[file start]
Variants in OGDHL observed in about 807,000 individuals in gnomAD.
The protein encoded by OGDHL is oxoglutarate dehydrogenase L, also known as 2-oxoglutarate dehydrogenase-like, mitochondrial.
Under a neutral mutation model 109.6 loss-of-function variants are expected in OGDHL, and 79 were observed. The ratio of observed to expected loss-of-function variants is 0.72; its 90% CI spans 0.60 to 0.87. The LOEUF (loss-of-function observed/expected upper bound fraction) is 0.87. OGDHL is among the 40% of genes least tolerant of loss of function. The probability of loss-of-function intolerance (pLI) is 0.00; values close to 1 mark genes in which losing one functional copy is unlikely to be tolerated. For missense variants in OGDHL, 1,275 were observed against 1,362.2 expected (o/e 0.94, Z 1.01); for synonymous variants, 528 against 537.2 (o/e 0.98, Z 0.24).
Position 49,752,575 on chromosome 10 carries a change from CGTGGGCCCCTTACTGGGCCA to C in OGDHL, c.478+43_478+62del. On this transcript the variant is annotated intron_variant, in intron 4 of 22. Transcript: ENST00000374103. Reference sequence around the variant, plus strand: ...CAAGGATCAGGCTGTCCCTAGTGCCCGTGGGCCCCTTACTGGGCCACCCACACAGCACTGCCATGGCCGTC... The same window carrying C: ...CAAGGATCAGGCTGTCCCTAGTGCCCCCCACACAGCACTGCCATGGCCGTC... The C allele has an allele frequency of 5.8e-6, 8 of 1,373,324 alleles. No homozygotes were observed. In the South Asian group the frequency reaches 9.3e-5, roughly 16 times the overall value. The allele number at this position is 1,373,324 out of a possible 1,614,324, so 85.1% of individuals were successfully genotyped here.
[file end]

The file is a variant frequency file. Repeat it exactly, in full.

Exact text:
Variants in OGDHL observed in about 807,000 individuals in gnomAD.
The protein encoded by OGDHL is oxoglutarate dehydrogenase L, also known as 2-oxoglutarate dehydrogenase-like, mitochondrial.
Under a neutral mutation model 109.6 loss-of-function variants are expected in OGDHL, and 79 were observed. The ratio of observed to expected loss-of-function variants is 0.72; its 90% CI spans 0.60 to 0.87. The LOEUF (loss-of-function observed/expected upper bound fraction) is 0.87. OGDHL is among the 40% of genes least tolerant of loss of function. The probability of loss-of-function intolerance (pLI) is 0.00; values close to 1 mark genes in which losing one functional copy is unlikely to be tolerated. For missense variants in OGDHL, 1,275 were observed against 1,362.2 expected (o/e 0.94, Z 1.01); for synonymous variants, 528 against 537.2 (o/e 0.98, Z 0.24).
Position 49,752,575 on chromosome 10 carries a change from CGTGGGCCCCTTACTGGGCCA to C in OGDHL, c.478+43_478+62del. On this transcript the variant is annotated intron_variant, in intron 4 of 22. Transcript: ENST00000374103. Reference sequence around the variant, plus strand: ...CAAGGATCAGGCTGTCCCTAGTGCCCGTGGGCCCCTTACTGGGCCACCCACACAGCACTGCCATGGCCGTC... The same window carrying C: ...CAAGGATCAGGCTGTCCCTAGTGCCCCCCACACAGCACTGCCATGGCCGTC... The C allele has an allele frequency of 5.8e-6, 8 of 1,373,324 alleles. No homozygotes were observed. In the South Asian group the frequency reaches 9.3e-5, roughly 16 times the overall value. The allele number at this position is 1,373,324 out of a possible 1,614,324, so 85.1% of individuals were successfully genotyped here.